Nobody has an absolute right to be secure in their person and papers against government inspection or seizure. Rather ,the 4th Amendment protects against unreasonable searches and seizures. That right against unreasonable searches and seizures exists broadly, but can be overcome by various factors and methods–such as the government obtaining a search warrant, for example, or in the presence of exigent circumstances.
The relevant question, then is whether an officer knowing that a passenger in a lawfully stopped vehicle is armed with a gun has the power under the Constitution to relieve that passenger of their gun while the stop is taking place.
To my mind, and again as somebody who has carried concealed my entire adult life, if the worst thing that happens to me during a traffic stop is that the officer secures my handgun while the stop is taking place, and then returns it to me once he’s done writing me my performance award, I have a great deal of difficulty in being too outraged about that.
Context matters. A person carrying a gun represents a potential threat to an officer that a person carrying, say, a controlled substance simply does not. And if we’re going to be honest with ourselves as concealed carriers, we have to acknowledge this reality.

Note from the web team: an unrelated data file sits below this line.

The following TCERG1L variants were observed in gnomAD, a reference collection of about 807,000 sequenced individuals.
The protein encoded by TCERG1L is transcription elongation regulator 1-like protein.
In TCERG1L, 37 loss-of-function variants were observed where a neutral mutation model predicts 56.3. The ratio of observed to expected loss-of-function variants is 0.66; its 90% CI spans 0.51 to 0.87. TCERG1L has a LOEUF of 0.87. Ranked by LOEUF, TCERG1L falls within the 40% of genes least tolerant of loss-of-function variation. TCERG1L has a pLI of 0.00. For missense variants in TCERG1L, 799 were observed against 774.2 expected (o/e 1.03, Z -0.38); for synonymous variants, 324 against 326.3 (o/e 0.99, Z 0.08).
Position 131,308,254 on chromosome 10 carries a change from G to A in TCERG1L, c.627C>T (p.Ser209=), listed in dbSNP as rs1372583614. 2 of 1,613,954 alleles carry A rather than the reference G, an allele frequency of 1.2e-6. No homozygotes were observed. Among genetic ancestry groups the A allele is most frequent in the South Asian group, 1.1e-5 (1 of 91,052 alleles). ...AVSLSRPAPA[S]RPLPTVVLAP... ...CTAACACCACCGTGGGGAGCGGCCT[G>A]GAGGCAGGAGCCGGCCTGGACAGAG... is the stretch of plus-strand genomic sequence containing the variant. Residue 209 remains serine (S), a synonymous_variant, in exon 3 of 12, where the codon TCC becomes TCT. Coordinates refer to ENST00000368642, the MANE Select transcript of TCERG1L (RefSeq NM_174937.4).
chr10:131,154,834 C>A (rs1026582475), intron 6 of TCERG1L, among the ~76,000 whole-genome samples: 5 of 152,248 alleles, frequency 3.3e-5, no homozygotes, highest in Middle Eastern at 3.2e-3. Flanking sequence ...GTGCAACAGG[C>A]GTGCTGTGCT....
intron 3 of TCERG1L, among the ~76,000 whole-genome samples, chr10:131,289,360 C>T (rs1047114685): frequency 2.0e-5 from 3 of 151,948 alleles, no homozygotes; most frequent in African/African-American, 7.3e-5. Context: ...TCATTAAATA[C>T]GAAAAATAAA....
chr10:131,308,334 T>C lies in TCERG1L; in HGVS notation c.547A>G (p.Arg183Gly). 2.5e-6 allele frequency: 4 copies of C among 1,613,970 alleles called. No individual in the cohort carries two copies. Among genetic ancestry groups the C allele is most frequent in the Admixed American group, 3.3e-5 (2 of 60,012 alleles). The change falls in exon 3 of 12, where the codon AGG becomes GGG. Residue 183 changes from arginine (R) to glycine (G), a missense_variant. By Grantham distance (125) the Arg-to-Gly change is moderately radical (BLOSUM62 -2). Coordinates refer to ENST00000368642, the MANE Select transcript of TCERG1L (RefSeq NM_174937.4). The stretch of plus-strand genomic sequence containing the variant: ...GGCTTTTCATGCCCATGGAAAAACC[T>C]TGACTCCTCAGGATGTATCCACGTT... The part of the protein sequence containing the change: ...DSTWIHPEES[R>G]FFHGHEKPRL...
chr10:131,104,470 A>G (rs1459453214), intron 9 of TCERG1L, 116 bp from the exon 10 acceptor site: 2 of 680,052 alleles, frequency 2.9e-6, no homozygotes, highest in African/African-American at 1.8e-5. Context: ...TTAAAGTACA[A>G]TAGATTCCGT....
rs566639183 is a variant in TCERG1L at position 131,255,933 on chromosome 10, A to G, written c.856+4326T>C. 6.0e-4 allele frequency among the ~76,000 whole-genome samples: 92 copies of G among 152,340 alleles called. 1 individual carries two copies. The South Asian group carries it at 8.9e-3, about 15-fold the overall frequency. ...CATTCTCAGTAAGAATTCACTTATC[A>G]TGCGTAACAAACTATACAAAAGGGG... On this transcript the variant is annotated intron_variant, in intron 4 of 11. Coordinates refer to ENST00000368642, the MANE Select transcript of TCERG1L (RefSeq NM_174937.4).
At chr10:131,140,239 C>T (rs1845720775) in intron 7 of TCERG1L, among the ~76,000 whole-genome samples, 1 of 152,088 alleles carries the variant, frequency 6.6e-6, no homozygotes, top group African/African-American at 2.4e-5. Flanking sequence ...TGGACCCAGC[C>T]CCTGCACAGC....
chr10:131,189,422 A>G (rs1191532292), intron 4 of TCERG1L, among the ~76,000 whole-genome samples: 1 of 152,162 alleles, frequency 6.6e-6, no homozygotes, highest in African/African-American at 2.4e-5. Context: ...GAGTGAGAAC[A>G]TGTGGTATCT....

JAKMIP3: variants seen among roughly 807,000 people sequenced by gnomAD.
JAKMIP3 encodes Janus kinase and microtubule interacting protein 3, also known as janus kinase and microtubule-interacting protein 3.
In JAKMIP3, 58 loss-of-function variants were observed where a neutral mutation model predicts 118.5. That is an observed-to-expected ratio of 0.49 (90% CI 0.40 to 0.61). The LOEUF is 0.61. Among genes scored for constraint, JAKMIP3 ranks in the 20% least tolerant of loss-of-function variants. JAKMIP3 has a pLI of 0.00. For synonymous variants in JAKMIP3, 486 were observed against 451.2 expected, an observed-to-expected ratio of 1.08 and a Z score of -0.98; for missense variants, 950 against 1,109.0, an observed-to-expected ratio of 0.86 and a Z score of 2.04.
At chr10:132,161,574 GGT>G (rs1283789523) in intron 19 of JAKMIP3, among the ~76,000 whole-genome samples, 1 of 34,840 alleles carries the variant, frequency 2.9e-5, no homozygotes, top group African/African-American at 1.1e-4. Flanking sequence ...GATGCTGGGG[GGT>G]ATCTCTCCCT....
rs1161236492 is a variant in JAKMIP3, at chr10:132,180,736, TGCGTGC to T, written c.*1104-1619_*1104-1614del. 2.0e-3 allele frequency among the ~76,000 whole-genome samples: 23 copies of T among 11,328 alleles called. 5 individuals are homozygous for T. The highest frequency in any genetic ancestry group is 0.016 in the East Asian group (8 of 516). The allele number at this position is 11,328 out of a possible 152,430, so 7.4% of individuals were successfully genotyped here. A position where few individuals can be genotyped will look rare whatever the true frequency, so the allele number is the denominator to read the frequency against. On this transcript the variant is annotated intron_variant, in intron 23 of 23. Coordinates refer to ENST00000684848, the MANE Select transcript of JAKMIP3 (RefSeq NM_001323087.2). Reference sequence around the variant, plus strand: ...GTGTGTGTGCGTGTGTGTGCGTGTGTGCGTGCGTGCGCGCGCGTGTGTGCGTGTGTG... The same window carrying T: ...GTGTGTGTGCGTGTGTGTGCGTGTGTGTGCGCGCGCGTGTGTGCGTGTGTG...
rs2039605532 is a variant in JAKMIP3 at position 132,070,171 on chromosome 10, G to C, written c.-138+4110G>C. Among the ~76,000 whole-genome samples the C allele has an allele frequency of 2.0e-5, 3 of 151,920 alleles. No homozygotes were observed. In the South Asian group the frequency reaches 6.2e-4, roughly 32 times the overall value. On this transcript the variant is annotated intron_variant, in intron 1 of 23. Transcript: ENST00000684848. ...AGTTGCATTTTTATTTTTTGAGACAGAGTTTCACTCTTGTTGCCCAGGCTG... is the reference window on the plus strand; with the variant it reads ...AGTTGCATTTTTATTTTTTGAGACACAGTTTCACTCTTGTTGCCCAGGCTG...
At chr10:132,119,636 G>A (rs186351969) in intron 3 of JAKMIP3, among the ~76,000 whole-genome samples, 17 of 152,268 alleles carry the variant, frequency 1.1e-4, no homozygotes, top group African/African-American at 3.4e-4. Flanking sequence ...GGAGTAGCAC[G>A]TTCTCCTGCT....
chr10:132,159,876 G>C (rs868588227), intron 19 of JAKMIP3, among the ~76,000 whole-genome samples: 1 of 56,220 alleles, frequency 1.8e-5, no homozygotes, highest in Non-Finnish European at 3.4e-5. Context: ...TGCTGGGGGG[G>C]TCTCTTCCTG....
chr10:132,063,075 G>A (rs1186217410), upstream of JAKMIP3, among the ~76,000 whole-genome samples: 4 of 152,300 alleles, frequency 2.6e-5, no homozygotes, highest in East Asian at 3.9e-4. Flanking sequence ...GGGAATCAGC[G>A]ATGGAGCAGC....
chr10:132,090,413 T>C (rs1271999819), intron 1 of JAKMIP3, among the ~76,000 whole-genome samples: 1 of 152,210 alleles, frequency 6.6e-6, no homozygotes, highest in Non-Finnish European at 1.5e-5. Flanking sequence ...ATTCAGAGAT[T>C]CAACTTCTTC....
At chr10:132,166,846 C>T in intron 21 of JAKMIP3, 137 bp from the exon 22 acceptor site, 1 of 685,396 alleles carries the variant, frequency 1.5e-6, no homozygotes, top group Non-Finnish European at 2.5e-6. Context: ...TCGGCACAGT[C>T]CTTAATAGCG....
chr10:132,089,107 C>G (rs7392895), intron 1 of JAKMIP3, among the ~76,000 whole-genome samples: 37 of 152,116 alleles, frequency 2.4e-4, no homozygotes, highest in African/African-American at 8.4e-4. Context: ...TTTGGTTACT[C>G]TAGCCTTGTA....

After all, why do we carry the gun in the first place? Is it not for the specific purpose of making ourselves substantially more dangerous than we would be without the gun? Certainly that’s why I carry.
And if we acknowledge that the possession of the gun makes a person a substantially greater prospective threat to the officer, is it really outrageous for the officer to secure that gun while he’s engaged in the stop? Then returning the gun upon completion of the stop if there’s no lawful reasons not to do so?
None of that means that I like the finding in Robinson, nor does it mean that I couldn’t raise robust arguments against the majority opinion, particularly under certain facts not present here (e.g., if Robinson had in fact been licensed to carry and had proffered that valid license to the officer).
And certainly, as gun owners we’ve long ago learned that we have to be viciously jealous in defense of our rights, as protection against the ceaseless efforts of the fascists to crush those rights (I’m looking at you, California, New Jersey, Massachusetts, New York, Maryland, and a few tumors that have metastasized elsewhere). And if you find yourself the actual subject of a wrongful 4th Amendment violation, feel free to drop me a line and we’ll gather up the resources to straighten that nonsense out.
Nevertheless, I don’t see Robinson as an example of that kind of blatant attack up the rights of gun owners.
So, if you CCW, don’t jump off the bridge yet. The world hasn’t ended, and concealed carriers haven’t had their 4th Amendment rights stripped from their Constitutional chests.
Anyway, that’s my view.
As promised, here’s the entire US v. Robinson decision from the 4th Circuit.
Donations tax deductible
to the full extent allowed by law.